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The Randomizer

Posted 2011.03.24 21.43 in Computers/Internet/Technology by Stephanie

After 3 months of on-and-off working on my thermostat project, it seems kind of funny to pop this one out in a couple hours in a single evening.

My second from-scratch Arduino-based project, is more or less an electronic version of the ‘Magic 8-Ball‘. Press one of the buttons and the screen fills up with random characters or numbers as it ‘randomizes’ ¬†itself, then after you release the button it presents the result on its LCD screen.

It has around 20 8-Ball-ish responses, though they’ve been edited to fit on the screen, modified a little to fit the format of The Randomizer speaking in the third person. For no good reason whatsoever.

Eagle-eyed obsessive readers (I know who you are) will recognize the enclosure and button board are from the 0.1 version of the thermostat. Having 4 buttons (the little one is just a reset button) and the 8-Ball only using one of them, I quickly came up with a use for the other three.

Forgive my nerdiness… when pressed, buttons 2, 3, and 4 will produce the result of rolling percentile, 1d20 and 1d10 dice instead of an 8-Ball phrase.

While on the subject of geekiness, for some extra geek points (and battery savings) the LCD screen’s backlight only comes on when in use, then after 30 seconds of disuse the backlight switches off.

Each of the 4 buttons goes to a digital pin, and there’s still some additional pins available so it could be expanded further. Though even with only the four existing buttons, it could be expanded by reading multiple buttons at once.

The Randomizer runs on 4 AA batteries, which will probably last for 2 or 3 kilo-whiles. You can build one of your very own; all you need is an Arduino, an LCD, a couple buttons and a box.

Here’s the source code, for your enjoyment and tinkering pleasure.

Hanimex Rangefinder

Posted 2009.09.30 22.58 in Hobbies, Photography by Stephanie

So I ran a test-roll through the Hanimex today. I took it partially apart last night and figured out that without a battery, it was probably running the shutter at full speed. Full speed is probably 1/300 sec based on the Hanimex ZF35 which looks very similar. So knowing (or guessing) that the shutter speed was 1/300 I calculated the aperture based on the Sunny-16 rule, and went from there.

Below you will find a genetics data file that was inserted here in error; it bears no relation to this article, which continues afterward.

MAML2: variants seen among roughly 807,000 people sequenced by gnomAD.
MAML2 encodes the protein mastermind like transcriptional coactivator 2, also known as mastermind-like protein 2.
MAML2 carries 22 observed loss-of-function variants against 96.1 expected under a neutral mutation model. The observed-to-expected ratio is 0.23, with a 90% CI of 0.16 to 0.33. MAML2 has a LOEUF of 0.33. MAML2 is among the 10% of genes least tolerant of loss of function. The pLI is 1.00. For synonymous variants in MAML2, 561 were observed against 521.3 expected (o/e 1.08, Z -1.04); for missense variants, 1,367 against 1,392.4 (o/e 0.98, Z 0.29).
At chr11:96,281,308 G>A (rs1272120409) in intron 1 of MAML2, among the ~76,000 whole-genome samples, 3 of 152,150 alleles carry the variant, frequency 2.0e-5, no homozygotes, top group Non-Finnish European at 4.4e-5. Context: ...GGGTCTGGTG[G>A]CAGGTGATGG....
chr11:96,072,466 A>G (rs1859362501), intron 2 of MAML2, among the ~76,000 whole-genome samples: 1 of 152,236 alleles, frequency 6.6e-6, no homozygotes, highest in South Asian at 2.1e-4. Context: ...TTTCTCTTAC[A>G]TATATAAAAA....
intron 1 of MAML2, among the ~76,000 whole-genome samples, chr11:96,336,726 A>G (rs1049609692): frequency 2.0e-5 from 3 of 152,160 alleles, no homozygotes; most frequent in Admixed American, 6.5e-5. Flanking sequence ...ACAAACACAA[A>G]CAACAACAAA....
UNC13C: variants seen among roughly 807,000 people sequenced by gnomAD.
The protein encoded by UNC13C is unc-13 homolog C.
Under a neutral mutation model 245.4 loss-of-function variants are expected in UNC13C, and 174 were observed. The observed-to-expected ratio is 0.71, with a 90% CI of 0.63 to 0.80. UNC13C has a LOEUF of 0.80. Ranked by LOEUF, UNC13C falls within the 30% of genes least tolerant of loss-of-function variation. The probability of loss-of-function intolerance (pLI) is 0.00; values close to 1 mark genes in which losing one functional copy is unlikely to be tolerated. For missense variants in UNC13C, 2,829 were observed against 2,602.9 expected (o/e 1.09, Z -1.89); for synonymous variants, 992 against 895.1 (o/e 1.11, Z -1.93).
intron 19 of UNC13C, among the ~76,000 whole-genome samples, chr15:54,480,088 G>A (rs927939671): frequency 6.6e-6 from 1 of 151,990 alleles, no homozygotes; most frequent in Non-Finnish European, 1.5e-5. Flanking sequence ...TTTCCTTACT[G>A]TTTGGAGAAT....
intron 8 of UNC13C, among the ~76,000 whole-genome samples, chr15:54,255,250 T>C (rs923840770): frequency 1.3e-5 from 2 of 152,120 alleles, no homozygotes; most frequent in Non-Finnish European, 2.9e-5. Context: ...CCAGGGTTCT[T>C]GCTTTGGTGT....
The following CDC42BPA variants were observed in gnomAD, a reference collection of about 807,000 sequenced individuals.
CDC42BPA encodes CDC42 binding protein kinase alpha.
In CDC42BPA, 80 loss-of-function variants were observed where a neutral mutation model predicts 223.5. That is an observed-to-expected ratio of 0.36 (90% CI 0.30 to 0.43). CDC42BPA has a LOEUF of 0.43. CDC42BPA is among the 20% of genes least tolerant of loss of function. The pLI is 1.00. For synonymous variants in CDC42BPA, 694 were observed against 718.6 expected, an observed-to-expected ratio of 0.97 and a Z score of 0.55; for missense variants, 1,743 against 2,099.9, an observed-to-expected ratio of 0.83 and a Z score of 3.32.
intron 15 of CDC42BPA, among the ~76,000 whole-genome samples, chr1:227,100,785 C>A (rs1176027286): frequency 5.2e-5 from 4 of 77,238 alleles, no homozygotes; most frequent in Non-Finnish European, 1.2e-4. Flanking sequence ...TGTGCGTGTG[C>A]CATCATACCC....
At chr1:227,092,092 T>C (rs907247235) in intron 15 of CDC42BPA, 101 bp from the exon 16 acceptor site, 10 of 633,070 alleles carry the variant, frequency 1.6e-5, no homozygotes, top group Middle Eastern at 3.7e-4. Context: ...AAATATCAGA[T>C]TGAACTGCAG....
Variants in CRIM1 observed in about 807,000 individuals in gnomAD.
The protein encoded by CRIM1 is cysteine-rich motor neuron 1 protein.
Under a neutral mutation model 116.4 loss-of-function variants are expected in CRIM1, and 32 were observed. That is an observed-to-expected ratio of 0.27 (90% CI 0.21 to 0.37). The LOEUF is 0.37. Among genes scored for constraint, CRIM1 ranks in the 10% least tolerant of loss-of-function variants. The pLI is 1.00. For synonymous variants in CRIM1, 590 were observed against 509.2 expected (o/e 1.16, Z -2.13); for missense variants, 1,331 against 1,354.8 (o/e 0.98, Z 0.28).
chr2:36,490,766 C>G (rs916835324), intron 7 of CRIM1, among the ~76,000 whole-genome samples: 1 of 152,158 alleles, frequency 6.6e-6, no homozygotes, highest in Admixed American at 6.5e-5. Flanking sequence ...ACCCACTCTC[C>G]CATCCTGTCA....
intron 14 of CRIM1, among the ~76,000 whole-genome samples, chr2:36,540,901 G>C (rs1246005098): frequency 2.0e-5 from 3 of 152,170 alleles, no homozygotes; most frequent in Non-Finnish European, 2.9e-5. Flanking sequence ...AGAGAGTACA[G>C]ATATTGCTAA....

The results were not bad – the lens seems fairly sharp and I’m pleased with the results. I’ll have to get a battery for it and see how it reacts in its normal mode, aka aperture priority. It has a CdS “electric eye” and can allegedly adjust the shutter speed based on the available light and selected aperture. I’d have been happier if it was fully manual, i.e. if it had a shutter-speed selector rather than a film speed selector. Nonetheless, it’s a wonderfully small and lightweight 70s rangefinder and seems to have a fairly decent lens!

Canonet Test Roll

Posted 2009.09.12 8.15 in Hobbies, Photography by Stephanie

I processed the first roll shot with my ‘new’ Canonet QL17, and the results were… mixed. Almost the entire roll came out under-exposed, so I have to try and figure out why. Two possibilities come to mind, the first being that the Electric Eye is not working right, i.e. giving incorrect metering, and the second being that I &#%ed up the developing somehow.

I’ll have to do another roll and be sure to vary the exposures so there are some different levels I can compare. The Electric Eye was designed to use the now-verbotten 1.35v mercury battery; the alkaline replacement is 1.55 volts and that might be enough to throw the meter off by one or two stops. And alternatively, when I decided to process the film it was late at night and I’d enjoyed a few adult beverages, so it’s entirely possible that the camera is fine and I baffed the whole thing up by mixing the chemicals wrong or getting the timing wrong.

I tried to find a book yesterday at Chapters that would include some info on developing film, but literally every single book in the ‘photography’ section includes the word ‘digital’. Even the darkroom books are all ‘digital darkroom’. ¬†Ptooey!

Anyhow, here are a few results from that first test-roll.

Because the whole roll had come out under-exposed, I was forced to push the exposure when scanning the negs and that affected the quality somewhat. It’s not unlike going from neg to print, you can fix some problems by varying how you expose and develop the paper.

Also, I was more interested in rushing through the roll so I could ensure that the camera was working, and didn’t think much (at all) about actually composing good shots. I’ll have to work on that – still trying to re-train my eye for photography.

Cheers!